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the other side of Roy Lichtenstein

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Roy Lichtenstein's Stretcher with Crossbars © A&D Gallery
the other side of Roy Lichtenstein

51 Chiltern Street
Marylebone
London W1U6LY
United Kingdom
February 13th, 2013 - April 13th, 2013

QUICK FACTS
WEBSITE:  
http://www.aanddgallery.com
NEIGHBORHOOD:  
mayfair
EMAIL:  
info@aanddgallery.com
PHONE:  
02074860532
OPEN HOURS:  
10.30-19.00 Monday thru Saturday
TAGS:  
Ivan Karp. Leo Castelli, Tate Modern, Roy Lichtenstein, pop
COST:  
Free

DESCRIPTION

The exhibition features prints, artist's posters, and ephemera spanning five decades of Roy Lichtenstein’s career.

Highlights include: both pre-pop prints from 'Polemic' issued in 1957 and 1959, 

a selection of the posters created for the artist's shows at Leo Castelli's gallery, 

and the rare champagne flutes created for Tattinger in the 80's. The exhibition also features a selection of source materials for Lichtenstein's earliest Pop Art Paintings.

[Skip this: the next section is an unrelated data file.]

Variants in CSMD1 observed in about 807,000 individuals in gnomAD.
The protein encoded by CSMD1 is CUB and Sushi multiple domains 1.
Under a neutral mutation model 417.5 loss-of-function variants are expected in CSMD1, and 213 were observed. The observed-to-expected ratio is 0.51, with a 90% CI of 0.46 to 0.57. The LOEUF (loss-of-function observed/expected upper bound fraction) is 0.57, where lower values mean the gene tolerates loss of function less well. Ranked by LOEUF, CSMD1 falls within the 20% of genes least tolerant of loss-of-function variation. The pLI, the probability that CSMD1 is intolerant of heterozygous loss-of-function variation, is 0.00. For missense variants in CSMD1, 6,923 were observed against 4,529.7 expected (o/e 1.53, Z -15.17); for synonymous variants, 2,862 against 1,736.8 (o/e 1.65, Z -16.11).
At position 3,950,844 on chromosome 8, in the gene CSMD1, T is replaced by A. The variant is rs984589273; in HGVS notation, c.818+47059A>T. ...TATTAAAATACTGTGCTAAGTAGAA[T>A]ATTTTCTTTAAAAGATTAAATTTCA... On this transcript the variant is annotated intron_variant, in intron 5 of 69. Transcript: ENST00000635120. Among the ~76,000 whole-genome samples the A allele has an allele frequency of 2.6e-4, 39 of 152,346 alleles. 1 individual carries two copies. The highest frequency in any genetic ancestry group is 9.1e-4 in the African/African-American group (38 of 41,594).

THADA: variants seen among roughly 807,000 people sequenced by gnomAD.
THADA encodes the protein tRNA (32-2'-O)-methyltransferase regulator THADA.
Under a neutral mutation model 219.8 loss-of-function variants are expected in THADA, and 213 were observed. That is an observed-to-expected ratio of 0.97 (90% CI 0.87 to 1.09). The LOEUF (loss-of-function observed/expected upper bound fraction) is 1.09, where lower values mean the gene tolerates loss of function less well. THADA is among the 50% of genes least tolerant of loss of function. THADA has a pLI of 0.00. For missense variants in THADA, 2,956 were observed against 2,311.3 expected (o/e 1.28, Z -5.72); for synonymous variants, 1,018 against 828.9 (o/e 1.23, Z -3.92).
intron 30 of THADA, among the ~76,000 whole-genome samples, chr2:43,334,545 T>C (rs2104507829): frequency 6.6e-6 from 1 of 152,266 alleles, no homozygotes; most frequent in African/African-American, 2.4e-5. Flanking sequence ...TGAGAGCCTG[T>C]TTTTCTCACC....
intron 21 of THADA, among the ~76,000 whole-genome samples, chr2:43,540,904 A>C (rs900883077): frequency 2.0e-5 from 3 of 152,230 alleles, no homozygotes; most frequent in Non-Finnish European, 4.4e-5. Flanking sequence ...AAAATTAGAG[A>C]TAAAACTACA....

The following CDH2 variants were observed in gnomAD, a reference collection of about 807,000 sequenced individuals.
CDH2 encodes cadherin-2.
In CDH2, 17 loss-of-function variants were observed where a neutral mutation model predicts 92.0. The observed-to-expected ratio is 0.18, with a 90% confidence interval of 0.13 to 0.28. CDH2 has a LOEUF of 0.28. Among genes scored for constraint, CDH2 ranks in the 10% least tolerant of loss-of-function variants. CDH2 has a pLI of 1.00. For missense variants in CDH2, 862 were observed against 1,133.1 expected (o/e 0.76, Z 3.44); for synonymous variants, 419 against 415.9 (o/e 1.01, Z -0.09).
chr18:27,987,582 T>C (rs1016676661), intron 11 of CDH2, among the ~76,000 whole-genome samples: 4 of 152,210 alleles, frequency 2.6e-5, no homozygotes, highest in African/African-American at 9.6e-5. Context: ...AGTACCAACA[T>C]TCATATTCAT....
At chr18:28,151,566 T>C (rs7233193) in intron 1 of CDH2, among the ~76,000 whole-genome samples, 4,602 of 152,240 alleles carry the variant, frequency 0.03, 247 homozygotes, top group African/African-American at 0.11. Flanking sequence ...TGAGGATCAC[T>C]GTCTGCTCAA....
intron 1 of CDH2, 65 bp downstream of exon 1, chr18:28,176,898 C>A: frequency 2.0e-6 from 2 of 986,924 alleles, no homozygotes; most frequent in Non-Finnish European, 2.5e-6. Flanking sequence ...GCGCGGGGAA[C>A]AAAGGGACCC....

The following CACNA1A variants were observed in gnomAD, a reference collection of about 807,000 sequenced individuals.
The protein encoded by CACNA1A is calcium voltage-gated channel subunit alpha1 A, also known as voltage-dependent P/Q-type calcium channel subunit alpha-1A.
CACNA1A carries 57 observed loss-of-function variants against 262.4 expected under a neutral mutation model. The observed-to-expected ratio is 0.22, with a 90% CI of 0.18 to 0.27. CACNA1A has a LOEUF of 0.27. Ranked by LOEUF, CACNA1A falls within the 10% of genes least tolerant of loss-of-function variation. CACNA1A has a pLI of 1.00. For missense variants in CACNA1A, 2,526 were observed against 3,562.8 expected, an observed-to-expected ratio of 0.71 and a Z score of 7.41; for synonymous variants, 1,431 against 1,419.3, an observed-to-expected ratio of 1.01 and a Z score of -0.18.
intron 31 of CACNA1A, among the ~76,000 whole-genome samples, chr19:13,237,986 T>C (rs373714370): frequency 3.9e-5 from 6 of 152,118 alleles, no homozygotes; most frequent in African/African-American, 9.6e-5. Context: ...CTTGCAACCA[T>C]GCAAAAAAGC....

The A&D Gallery's last Lichtenstein exhibition was in 2008, and celebrated the publication by Prestel of the catalogue raison: Lichtenstein Posters. Since that time the gallery has been researching and acquiring works from the unique and very intimate world of Lichtenstein's 'alternative' output. Some are relatively well known such as the Paper Plate (1969) for Bert Stern's On First store and Paper Hat (1968) for Bill Copley's S.M.S. project. Others are more personal such as Lichtenstein's cover and sticker design for Dorothy Herzka's (later Dorothy Lichtenstein) book  POP ART ONE, and his lithograph for the Frank O'Hara commemorative publication In Memory of my Feelings. 

Lichtenstein, also created book covers. The first for Doobie Doo , the extraordinary novel by Ivan Karp, who was perhaps the first to exhibit and support Lichtenstein's work and two for his close friend Frederic Tuten including TinTin in the New World.  

The exhibition provides a rare opportunity to view important but lesser known works, which offer insight into the working practices of an artist described by Michael Kinsman as "…a saboteur, offering 1990's irony in the 1960's. And if in later years he was sometimes taken for granted, it was partly because his ideas had so infiltrated art that they were no longer only his".

The exhibition has been curated by A&D Gallery, with the assistance of The Roy Lichtenstein Foundation.

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